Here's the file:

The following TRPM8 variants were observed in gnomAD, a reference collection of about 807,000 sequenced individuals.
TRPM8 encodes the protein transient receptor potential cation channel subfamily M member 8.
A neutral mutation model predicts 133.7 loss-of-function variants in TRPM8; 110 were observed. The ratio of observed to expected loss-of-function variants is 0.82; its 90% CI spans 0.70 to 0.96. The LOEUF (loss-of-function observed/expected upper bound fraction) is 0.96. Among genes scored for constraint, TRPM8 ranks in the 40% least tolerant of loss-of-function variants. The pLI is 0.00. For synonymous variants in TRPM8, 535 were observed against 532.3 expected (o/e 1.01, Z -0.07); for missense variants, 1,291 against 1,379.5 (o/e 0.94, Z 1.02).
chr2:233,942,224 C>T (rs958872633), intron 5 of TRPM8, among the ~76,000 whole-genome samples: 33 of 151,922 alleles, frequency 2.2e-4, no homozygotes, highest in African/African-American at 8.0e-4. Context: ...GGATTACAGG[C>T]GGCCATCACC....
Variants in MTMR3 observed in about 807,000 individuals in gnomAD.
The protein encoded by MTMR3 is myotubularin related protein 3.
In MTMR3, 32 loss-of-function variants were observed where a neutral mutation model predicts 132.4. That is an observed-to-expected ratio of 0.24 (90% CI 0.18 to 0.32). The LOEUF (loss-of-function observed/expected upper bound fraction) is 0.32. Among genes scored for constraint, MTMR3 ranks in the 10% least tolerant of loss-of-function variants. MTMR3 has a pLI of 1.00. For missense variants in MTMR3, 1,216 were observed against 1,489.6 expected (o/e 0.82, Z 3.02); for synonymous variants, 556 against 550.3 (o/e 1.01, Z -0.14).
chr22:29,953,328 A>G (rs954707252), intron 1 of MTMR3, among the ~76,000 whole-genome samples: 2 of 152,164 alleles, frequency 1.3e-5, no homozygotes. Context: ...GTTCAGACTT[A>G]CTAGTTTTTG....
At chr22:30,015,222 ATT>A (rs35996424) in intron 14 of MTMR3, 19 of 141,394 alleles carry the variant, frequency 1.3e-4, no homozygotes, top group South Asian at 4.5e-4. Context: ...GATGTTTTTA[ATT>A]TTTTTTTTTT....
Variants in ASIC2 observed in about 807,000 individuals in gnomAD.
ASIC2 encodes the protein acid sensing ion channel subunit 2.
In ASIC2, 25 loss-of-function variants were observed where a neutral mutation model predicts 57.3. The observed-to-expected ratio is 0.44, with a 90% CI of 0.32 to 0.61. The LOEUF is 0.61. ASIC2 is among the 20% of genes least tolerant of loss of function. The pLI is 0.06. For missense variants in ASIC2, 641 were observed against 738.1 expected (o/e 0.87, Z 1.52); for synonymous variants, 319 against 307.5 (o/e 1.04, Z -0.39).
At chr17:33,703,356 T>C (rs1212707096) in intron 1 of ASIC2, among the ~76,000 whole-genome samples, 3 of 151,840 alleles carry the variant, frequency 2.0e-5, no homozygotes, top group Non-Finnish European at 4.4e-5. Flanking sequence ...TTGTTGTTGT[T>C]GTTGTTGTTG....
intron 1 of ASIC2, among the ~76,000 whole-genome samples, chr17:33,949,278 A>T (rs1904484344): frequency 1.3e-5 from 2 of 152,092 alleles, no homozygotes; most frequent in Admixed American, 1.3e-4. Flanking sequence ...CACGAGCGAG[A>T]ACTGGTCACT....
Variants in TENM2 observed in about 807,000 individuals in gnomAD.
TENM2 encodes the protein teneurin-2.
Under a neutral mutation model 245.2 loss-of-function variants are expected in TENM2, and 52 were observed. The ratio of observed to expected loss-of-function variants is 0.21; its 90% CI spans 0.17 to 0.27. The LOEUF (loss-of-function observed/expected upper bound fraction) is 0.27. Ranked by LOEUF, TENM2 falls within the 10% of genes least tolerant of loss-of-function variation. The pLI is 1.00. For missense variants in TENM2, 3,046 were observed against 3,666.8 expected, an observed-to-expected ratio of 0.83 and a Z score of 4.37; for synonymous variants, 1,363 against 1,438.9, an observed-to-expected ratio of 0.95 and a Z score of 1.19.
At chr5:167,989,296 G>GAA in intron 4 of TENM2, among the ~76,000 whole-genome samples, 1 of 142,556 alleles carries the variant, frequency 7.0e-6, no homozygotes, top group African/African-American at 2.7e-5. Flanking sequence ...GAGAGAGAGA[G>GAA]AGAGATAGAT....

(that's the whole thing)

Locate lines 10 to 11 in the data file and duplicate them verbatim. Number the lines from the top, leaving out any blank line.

Variants in ASIC2 observed in about 807,000 individuals in gnomAD.
ASIC2 encodes the protein acid sensing ion channel subunit 2.